KHN Morning Briefing

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Ark. Governor Says Legislative Primary Victories Boost His Plan For Medicaid Expansion

Gov. Asa Hutchinson says he views the victories of Medicaid expansion supporters as an endorsement of his efforts to get the legislature to accept his plan. Also, a key lawmaker in Alaska says legislative opponents of Medicaid expansion there will appeal a judge's ruling for the governor.

Arkansas Online: Governor Says Vote Buoys His Medicaid Plan
Key Medicaid expansion supporters in the Arkansas Legislature beat their opponents in Republican primaries. That will make it easier to persuade lawmakers to support Arkansas Works, Gov. Asa Hutchinson said Wednesday. "Arkansas Works was on the ballot in the context of those who believe in providing common sense practical solutions to Arkansas ... standing up to those that are single issue or misconstrue the vote and misrepresent the vote," the governor told about 250 people attending a Political Animals Club luncheon in Little Rock. But legislative leaders agreed that the primary results shouldn't be taken as a voter mandate to continue the Medicaid expansion, in which the state is using federal funds to buy private health insurance for low-income Arkansans. (Fanney and Wickline, 3/3)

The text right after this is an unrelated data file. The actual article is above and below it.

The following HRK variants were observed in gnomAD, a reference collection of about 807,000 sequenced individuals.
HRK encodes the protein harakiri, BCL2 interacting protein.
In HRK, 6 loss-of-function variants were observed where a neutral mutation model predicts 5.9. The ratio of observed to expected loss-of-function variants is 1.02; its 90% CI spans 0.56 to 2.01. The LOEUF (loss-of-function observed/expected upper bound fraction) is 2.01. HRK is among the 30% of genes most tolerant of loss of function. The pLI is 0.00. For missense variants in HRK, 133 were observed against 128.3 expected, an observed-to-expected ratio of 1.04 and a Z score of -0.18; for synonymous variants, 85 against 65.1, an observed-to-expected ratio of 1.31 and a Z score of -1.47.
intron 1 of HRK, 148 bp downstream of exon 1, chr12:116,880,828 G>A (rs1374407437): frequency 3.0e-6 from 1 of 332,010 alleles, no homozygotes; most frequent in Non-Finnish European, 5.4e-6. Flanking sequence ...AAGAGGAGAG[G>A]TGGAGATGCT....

Modern Healthcare: Super Tuesday Results Boost Arkansas' Medicaid Expansion Hopes
Supporters of Arkansas' pioneering Medicaid expansion program are relieved that most of Tuesday's Republican state legislative primary contests resulted in victories for pro-expansion candidates. Republican Gov. Asa Hutchinson, who wants to preserve but modify his Democratic predecessor's expansion program, backed candidates in eight GOP primary races and saw six of those candidates win. (Meyer, 3/2)

KTUU (Anchorage, Alaska): Legislature Plans To Appeal Medicaid Expansion Decision To Supreme Court
Moments after Gov. Bill Walker learned on Tuesday that Superior Court Judge Frank Pfiffner sided with him and dismissed a lawsuit challenging the governor's authority to expand access to Medicaid without legislative approval, Walker told KTUU, "I hope it's the end of it. I hope we can get on with all we need to be doing at this point rather than suing one another." The optimism was short-lived, as a lawmaker who played a central role in the lawsuit said in a Wednesday afternoon interview that the Legislature will file an appeal with the Alaska Supreme Court. (Baird, 3/2)

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